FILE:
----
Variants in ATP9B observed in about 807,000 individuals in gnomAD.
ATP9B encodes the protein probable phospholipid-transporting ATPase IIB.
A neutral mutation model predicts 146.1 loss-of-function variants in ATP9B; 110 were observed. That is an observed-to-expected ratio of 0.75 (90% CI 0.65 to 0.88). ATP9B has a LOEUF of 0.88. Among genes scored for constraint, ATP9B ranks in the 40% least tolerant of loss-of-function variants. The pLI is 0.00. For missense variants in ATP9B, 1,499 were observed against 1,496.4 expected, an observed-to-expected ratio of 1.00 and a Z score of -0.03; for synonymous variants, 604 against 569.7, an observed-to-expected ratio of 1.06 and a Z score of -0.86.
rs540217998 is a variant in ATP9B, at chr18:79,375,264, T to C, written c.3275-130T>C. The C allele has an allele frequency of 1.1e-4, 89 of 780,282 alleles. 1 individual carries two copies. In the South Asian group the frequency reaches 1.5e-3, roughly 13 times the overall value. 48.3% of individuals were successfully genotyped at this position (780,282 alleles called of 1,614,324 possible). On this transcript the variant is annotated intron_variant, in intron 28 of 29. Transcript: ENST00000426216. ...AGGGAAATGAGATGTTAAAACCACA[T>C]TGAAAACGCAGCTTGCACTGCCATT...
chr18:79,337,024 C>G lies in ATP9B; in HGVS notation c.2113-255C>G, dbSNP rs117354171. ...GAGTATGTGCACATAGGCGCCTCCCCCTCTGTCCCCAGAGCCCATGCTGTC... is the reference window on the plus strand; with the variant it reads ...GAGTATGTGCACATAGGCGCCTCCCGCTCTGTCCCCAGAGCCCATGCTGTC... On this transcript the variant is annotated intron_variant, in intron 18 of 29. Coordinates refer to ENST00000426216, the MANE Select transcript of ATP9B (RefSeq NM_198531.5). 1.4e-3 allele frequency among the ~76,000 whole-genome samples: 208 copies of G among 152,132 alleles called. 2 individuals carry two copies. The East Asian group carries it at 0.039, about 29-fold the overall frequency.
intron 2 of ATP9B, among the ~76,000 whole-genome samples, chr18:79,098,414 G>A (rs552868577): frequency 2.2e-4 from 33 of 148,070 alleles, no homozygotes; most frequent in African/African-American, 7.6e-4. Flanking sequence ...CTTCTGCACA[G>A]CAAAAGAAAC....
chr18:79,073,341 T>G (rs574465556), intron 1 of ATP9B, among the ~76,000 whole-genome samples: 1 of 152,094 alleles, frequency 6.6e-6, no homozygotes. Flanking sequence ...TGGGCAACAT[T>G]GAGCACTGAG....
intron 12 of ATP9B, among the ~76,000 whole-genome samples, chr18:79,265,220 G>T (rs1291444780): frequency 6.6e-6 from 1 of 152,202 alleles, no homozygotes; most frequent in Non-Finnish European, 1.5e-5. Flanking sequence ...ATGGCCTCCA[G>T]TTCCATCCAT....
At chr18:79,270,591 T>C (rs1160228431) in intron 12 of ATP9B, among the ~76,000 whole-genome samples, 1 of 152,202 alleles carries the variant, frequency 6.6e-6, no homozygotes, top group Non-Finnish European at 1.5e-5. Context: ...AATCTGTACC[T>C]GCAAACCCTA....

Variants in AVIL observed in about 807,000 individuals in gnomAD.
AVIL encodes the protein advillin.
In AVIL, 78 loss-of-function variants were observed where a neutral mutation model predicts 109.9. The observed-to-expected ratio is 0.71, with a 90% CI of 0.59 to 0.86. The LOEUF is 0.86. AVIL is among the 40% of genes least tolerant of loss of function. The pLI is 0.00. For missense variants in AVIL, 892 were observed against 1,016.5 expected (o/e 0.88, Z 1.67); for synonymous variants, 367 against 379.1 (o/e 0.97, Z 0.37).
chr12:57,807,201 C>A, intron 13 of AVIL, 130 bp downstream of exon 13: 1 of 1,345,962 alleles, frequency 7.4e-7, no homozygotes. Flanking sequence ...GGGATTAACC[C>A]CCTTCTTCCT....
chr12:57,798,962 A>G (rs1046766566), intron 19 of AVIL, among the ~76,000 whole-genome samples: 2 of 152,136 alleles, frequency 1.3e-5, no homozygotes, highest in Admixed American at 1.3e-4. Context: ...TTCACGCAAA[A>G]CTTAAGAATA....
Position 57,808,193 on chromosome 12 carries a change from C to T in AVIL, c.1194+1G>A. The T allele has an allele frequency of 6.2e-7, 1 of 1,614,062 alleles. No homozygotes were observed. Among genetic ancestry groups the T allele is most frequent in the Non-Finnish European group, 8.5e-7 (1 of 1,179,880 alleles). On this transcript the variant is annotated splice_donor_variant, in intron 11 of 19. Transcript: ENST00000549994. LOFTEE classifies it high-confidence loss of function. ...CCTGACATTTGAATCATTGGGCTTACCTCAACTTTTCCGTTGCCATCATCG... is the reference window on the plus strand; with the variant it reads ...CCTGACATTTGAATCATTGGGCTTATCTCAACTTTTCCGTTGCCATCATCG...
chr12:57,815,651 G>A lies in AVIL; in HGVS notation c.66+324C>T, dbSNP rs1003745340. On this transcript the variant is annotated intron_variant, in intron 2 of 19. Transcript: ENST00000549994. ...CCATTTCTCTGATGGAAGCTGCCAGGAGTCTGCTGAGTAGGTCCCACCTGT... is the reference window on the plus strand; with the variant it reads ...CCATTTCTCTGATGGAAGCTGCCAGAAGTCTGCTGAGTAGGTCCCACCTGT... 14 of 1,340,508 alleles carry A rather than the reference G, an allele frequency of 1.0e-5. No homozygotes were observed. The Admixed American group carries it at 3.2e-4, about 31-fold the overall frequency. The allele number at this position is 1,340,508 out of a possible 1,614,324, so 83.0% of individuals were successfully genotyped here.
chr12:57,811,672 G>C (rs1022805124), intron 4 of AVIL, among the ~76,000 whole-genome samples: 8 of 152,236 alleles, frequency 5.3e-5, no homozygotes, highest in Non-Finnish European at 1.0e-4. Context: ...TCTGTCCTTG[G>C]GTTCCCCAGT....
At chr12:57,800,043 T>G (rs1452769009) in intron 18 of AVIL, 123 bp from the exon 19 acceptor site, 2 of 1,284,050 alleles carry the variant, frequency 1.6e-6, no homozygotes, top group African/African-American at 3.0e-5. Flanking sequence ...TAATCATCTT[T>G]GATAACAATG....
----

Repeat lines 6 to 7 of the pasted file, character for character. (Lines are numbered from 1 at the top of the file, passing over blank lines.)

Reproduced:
intron 2 of ATP9B, among the ~76,000 whole-genome samples, chr18:79,098,414 G>A (rs552868577): frequency 2.2e-4 from 33 of 148,070 alleles, no homozygotes; most frequent in African/African-American, 7.6e-4. Flanking sequence ...CTTCTGCACA[G>A]CAAAAGAAAC....
chr18:79,073,341 T>G (rs574465556), intron 1 of ATP9B, among the ~76,000 whole-genome samples: 1 of 152,094 alleles, frequency 6.6e-6, no homozygotes. Flanking sequence ...TGGGCAACAT[T>G]GAGCACTGAG....